Eight ways to keep your brain healthy

Your brain health is just as important as that of the rest of your body, says psychologist and neuroscientist DR SABINA BRENNAN in the April issue of IMAGE Magazine, who says it’s never too late to start looking after it properly. 

Illustration by Laura Kenny. 

Want to ensure your brain remains healthy? Here are just a few ways you can immediately invest in your brain health ...

Disrupted sleep can harm or damage your ability to learn and make memories, and may even contribute to the development of Alzheimer’s disease. Make sure to get the right amount of sleep for your age.

Acute stress can enhance memory, but poorly managed chronic stress can impair memory in the longer term. Too little stress leads to boredom and depression. You need to find your personal stress sweet spot, where you feel challenged but not overwhelmed.

People who live a socially engaged life experience slower cognitive decline and are less likely to get Alzheimer’s. Social engagement helps to maintain cognitive functioning. Just ten minutes social interaction can boost brain performance. Stay connected with friends and family, and make sure children spend time socialising in person as well as on social media.

Education is the greatest cognitive enhancer. Pushing yourself beyond your comfort zone or into new situations that challenge you will change your brain chemistry, impacting positively on its function. It doesn’t have to be academic, but should involve challenge, novelty and learning. For example, if you play a musical instrument, push yourself to play a piece that challenges you or take up a new instrument. If you do crosswords, try the next difficulty level or complete the puzzle within a time limit. Take up new hobbies, learn new things and meet new people.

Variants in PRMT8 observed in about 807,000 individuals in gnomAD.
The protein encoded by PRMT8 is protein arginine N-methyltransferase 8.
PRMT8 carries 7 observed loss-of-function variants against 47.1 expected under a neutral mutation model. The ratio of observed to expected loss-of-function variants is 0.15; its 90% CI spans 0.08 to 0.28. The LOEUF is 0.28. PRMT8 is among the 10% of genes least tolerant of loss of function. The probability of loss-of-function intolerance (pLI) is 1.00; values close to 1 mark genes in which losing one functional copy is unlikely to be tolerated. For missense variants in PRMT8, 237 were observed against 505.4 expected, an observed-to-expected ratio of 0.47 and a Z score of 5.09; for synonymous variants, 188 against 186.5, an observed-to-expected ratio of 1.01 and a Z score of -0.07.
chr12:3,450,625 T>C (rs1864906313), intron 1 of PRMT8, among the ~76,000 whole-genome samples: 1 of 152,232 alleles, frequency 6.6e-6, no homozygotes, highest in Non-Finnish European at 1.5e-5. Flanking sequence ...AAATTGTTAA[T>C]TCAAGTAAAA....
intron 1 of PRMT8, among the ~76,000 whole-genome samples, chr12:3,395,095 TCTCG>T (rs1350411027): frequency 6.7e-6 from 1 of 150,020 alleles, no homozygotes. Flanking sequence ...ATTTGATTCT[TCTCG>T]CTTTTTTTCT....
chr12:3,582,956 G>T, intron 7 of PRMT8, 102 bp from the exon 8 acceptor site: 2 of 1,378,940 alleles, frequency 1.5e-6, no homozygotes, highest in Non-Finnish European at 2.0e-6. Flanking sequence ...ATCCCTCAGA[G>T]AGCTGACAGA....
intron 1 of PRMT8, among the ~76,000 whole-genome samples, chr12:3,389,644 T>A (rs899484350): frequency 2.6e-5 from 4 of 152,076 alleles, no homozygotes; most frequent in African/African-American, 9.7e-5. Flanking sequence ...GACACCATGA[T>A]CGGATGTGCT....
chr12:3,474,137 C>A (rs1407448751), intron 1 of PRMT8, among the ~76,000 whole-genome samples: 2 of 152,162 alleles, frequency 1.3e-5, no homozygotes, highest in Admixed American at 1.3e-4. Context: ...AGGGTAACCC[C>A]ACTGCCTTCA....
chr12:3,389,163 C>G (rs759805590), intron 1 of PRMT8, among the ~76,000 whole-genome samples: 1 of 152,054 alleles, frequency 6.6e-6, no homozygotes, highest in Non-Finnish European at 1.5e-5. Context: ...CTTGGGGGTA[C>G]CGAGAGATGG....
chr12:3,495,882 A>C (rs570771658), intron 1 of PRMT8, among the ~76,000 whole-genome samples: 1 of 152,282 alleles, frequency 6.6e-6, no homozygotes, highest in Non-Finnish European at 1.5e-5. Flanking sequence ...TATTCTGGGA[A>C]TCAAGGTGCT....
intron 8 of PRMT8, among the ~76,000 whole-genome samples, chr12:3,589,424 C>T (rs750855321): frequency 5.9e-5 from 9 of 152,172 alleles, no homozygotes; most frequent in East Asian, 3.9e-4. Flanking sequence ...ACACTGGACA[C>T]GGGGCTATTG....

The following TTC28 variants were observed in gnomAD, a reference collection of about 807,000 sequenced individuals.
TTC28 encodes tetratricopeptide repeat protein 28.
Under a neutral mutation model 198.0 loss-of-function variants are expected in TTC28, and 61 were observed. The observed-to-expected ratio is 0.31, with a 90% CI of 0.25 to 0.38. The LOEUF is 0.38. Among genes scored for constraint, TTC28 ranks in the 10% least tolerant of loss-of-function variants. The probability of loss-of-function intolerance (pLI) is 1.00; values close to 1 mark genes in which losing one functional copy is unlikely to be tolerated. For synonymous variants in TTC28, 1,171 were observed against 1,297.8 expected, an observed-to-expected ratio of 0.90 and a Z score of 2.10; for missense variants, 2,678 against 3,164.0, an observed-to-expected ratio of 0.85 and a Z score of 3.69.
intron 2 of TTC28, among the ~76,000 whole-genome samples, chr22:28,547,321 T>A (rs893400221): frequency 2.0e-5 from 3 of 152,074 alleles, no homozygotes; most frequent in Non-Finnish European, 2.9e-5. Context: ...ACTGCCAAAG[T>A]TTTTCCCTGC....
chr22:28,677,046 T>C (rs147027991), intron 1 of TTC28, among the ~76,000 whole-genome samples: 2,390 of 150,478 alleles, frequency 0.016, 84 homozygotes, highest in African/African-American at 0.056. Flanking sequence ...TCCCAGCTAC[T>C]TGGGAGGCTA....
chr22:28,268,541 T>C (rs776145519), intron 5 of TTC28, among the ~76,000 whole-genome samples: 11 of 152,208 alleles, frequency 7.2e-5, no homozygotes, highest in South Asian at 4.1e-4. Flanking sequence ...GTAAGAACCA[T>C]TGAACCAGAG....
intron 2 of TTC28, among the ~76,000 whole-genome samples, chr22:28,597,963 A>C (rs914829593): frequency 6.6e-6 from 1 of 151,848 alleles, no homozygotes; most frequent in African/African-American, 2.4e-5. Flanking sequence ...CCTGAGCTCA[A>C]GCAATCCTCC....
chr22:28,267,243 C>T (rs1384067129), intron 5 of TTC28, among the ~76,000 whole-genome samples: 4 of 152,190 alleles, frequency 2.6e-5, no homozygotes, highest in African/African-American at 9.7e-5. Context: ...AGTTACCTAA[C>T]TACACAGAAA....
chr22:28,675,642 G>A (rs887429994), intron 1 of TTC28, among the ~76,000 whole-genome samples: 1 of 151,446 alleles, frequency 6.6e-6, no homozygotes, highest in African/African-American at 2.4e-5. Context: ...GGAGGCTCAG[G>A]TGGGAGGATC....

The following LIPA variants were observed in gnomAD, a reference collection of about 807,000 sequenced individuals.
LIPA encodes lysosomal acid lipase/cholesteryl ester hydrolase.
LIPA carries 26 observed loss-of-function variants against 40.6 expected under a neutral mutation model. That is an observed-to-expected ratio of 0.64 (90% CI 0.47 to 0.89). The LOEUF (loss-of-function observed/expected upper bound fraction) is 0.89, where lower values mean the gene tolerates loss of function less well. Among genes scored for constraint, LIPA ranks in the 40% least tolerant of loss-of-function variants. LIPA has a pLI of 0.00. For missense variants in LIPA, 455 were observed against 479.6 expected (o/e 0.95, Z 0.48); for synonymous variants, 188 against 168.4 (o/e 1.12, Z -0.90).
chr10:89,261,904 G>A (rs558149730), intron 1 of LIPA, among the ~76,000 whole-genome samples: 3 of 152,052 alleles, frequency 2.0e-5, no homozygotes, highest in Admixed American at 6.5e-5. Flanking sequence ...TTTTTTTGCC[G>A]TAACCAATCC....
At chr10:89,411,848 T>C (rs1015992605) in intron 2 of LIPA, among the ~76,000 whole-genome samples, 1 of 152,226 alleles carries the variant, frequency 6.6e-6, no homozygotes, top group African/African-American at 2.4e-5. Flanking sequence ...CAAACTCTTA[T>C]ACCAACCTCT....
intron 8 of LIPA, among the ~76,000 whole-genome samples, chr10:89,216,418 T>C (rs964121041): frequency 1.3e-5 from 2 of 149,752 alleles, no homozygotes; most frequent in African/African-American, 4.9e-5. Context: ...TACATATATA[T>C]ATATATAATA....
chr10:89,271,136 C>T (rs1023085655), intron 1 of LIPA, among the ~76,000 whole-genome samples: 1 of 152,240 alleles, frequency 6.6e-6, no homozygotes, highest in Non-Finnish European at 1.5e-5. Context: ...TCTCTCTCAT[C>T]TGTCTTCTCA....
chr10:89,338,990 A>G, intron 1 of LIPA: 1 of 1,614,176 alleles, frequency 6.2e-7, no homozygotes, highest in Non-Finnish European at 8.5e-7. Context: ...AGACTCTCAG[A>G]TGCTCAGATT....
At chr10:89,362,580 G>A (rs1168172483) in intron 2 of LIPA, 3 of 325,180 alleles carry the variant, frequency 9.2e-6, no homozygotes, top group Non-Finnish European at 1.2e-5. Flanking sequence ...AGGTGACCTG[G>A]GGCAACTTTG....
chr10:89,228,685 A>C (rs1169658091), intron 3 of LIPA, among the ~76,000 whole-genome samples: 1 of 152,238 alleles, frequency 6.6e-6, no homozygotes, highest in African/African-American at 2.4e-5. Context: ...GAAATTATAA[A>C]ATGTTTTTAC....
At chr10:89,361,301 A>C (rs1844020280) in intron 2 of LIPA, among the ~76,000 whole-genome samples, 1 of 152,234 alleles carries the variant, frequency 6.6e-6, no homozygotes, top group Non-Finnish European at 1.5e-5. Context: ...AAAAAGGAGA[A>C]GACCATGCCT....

Your heart health is closely linked to your brain health since your brain needs a reliable supply of oxygen and nutrients to function. Midlife high blood pressure, stroke, type 2 diabetes and midlife obesity increase the risk of developing Alzheimer’s. Know your numbers – get your blood pressure, cholesterol, and blood sugar checked and maintain a healthy weight and BMI. Eat a diet rich in colourful vegetables and oily fish.

Physical activity has direct benefits on the structure and functioning of your brain. In contrast, a sedentary life increases your risk for heart disease and dementia. If you reduced your daily sitting time from eight hours to six by standing for two more hours every day, the net effect is the equivalent of running six marathons a year. Make sure children get regular exercise and encourage them to break up sitting spells by getting up and moving about every hour.

How you perceive life and situations matter. Older adults with positive self-perceptions of ageing live, on average, 7.5 years longer than those with less positive ones. Check your own prejudices about ageing and start seeing growing older in a more positive light.

Put safety first – wear seatbelts, reflective gear and helmets where appropriate and heed medical advice to minimise and treat concussions through sports.

100 Days to a Younger Brain by Dr Sabina Brennan (Orion Spring, approx €17) is out now, sabinabrennan.ie.

Read the full article from Dr Sabina Brennan in the April issue of IMAGE Magazine, on sale now. 


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